LumberJocks

Tapering the thickness of relatively small pieces of wood

  • Advertise with us

« back to Woodworking Skill Share forum

Forum topic by bobthebuilderinmichigan posted 1057 days ago 2186 views 3 times favorited 17 replies Add to Favorites Watch
View bobthebuilderinmichigan's profile

bobthebuilderinmichigan

130 posts in 1630 days


1057 days ago

Topic tags/keywords: tapering thickness small

The clock plan that I recently started on shows a piece of white oak 4” x 9 5/8” being tapered from 1” thick at bottom to 3/4” at the top. The page of the plan in question is shown below:

I’m a little stumped as to how I should go about tapering the thickness of a piece this size. I tried lifting one end up 1/4” and running it through the planer, but it keeps getting stuck and getting all chewed up. I also thought about using a tapering jig on the table saw, but my blade height is only 2 3/4” and this piece is 4”. Any suggestions?

-- Bobthebuilderinmichigan


17 replies so far

View Flyin636's profile

Flyin636

57 posts in 1092 days


#1 posted 1057 days ago

You didn’t spec a tolerance….....so I’ll shoot for .005”(+/-.0025).Would simply rough cut on resaw to a line and finish on a right angle fixture on edge sander…...again,am assuming you just want a cpl.Flyin636

View Tootles's profile

Tootles

681 posts in 1100 days


#2 posted 1057 days ago

I wish I could claim that I thought of this, but I didn’t. It is based on a post I saw a while ago and cannot find again now.

Assuming that you have a jointer, you could make a jig that holds the wood at the required angle for planing. First an isometric view that doesn’t show you all that much …

and now a side view with the left side removed …

The top is angled as required and the wood is stuck to the top using double-sided tape.

The sides of the jig are sacrificial – they get planed down at the same time as your wood so you need one pair of sides per piece of wood that you are tapering.

Different (I think) to the jig that I have based these sketches on, I have drawn the jig with a backstop so that the double-sided tape only has to hold the wood up, it does not need to prevent it from shearing off. I have drawn the backstop quite large so that you can also use it as a handle and have included a handle at the front. These should both make the jig safer to use.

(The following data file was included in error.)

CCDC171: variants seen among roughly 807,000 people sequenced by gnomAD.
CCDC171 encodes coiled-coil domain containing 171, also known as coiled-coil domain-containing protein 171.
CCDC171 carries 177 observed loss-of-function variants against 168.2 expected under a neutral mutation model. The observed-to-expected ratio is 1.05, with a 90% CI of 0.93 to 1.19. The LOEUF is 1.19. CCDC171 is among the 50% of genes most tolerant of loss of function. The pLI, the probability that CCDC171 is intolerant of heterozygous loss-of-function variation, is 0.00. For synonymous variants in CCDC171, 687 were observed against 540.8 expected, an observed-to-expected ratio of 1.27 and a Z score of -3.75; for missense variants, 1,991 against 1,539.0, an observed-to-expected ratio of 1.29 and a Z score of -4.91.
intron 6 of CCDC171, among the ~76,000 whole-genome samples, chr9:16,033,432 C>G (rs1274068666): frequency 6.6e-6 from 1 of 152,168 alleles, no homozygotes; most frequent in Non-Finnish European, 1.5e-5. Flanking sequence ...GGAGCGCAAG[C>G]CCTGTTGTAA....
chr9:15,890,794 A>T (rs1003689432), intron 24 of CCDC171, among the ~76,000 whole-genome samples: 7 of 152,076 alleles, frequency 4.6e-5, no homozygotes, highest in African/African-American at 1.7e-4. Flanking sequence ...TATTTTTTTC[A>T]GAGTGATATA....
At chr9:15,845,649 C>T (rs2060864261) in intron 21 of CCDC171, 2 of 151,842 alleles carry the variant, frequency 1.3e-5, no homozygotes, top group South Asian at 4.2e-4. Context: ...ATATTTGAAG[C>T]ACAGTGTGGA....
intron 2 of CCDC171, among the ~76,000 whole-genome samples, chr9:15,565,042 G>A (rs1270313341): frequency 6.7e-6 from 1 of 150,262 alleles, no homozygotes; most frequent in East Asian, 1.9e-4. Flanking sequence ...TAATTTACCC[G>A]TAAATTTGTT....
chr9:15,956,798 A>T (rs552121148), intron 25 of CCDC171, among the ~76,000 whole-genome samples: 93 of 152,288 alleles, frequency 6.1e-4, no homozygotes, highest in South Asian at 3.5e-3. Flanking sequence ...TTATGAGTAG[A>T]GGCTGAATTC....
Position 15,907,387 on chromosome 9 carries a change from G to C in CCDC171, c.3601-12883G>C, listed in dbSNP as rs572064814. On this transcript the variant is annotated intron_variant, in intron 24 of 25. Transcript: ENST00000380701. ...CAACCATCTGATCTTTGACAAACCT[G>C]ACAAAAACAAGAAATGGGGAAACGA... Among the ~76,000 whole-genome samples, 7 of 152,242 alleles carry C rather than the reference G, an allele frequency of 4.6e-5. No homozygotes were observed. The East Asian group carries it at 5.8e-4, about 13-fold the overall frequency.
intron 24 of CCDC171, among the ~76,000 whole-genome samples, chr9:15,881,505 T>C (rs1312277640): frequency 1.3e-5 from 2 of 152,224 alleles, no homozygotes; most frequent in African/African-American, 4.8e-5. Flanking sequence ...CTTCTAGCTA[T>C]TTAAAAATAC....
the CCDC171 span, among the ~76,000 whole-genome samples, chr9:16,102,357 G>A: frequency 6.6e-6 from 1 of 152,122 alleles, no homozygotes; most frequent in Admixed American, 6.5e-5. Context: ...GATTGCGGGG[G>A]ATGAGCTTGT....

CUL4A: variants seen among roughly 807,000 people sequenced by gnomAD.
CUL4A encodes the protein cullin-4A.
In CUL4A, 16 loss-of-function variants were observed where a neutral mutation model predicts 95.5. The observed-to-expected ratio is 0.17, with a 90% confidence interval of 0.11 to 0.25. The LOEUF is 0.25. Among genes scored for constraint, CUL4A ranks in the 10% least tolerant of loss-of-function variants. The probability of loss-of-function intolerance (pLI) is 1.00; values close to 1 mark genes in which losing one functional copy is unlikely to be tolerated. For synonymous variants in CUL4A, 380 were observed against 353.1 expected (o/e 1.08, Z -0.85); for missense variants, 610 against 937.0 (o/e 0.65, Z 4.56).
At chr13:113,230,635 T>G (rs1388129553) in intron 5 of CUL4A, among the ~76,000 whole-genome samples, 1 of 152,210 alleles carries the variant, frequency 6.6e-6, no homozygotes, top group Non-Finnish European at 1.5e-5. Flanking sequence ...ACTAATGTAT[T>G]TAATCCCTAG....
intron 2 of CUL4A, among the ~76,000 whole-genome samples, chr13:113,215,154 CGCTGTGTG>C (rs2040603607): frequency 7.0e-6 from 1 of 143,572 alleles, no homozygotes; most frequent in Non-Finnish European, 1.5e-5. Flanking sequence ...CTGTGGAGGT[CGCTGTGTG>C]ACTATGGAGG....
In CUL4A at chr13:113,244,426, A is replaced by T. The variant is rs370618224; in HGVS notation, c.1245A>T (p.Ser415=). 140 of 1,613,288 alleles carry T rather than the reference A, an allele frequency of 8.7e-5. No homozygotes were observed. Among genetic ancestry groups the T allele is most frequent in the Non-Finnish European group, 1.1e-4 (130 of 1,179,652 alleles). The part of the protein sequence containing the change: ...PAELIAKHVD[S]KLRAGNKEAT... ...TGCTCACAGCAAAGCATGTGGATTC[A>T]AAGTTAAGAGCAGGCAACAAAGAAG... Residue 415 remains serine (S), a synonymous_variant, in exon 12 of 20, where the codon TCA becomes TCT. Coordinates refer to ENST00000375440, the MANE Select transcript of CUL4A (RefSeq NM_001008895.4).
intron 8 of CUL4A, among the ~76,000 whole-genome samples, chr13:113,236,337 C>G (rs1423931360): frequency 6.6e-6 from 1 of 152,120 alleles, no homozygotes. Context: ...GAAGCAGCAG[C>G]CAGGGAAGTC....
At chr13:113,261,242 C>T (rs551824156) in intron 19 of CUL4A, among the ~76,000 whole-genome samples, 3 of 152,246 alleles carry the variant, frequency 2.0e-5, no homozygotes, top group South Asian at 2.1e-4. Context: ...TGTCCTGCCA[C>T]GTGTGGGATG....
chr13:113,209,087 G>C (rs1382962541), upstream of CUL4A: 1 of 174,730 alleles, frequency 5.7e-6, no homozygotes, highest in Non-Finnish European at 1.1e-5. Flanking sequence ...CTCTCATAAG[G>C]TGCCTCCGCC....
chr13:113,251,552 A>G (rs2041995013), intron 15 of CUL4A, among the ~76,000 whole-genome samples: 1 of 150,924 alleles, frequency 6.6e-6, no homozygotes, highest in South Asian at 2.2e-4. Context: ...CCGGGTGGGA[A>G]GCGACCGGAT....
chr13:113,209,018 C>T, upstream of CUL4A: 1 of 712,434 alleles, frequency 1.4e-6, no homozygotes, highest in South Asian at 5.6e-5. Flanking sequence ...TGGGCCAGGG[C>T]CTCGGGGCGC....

If you try this and it works, I’m sure everybody would benefit from you doing a blog on the process with the lessons you learn.

-- I may have lost my marbles, but I still have my love of woodworking

View lew's profile

lew

9945 posts in 2354 days


#3 posted 1057 days ago

Have you considered doing this on the jointer? By carefully setting the leading edge of the piece, on the out feed table, and pushing it through it will create a “taper”. Just be careful!

-- Lew- Time traveler. Purveyor of the Universe's finest custom rolling pins.

View bobthebuilderinmichigan's profile

bobthebuilderinmichigan

130 posts in 1630 days


#4 posted 1057 days ago

Well, you have all given me some real good options! Thank you for your time. Since I am not very proficient with the hand plane (I haven’t really gotten my plane all that tuned in yet), I think I will first try the jointer. In fact I just purchased a Ridgid JP06101 6 1/8” jointer on Craigs List. Once I receive my replacement blades, I’ll give it a go! Tootles, your shop drawings are awesome! They made it crystal clear. So, now I’m thinking “Duh! Why didn’t I think of that!” And . . . I WILL be careful.

-- Bobthebuilderinmichigan

View patron's profile

patron

12957 posts in 1940 days


#5 posted 1057 days ago

for this taper on the jointer
place piece ON the out feed table
(as lew said)
thick end first
(notice other end is marked)
and joint it as many passes this way as needed
(i have a lever action jointer
so raising and lowering it is simple for me)

for safety sake i held it with a hooked hold down
and started the jointer then

the front end is somewhat rippled
(notice mark on back end
is still visible)

so taking a complete light pass normal
will eliminate this
(or you could sand at this point too)

the finished board all clean
and tapered

-- david - only thru kindness can this world be whole . If we don't succeed we run the risk of failure. Dan Quayle

View bobthebuilderinmichigan's profile

bobthebuilderinmichigan

130 posts in 1630 days


#6 posted 1057 days ago

David,
Thank you for your very generous help. I will give both methods a try and let you know how it works!

-- Bobthebuilderinmichigan

View WayneC's profile

WayneC

12252 posts in 2696 days


#7 posted 1057 days ago

Handplane?

-- We must guard our enthusiasm as we would our life - James Krenov

View Tootles's profile

Tootles

681 posts in 1100 days


#8 posted 1057 days ago

Patron’s method looks simpler as it does not require a jig to be made.

BUt if you do still want to try the jig, something occured to me after I shut down last night. It might be a little safer to move the front handle backwards a bit so that your fingers cannot slip down towards the jointer blade. Revised section drawing below:

I’m glad to see that you do have a jointer because the other thought that occured to me was “what if you do not have a jointer?” I had an idea for another jig based on the one above to do the job with a hand plane. Although you don’t need it, I may just sketch it up later and post it for reference by anybody else who finds this forum question later.

-- I may have lost my marbles, but I still have my love of woodworking

View Loren's profile (online now)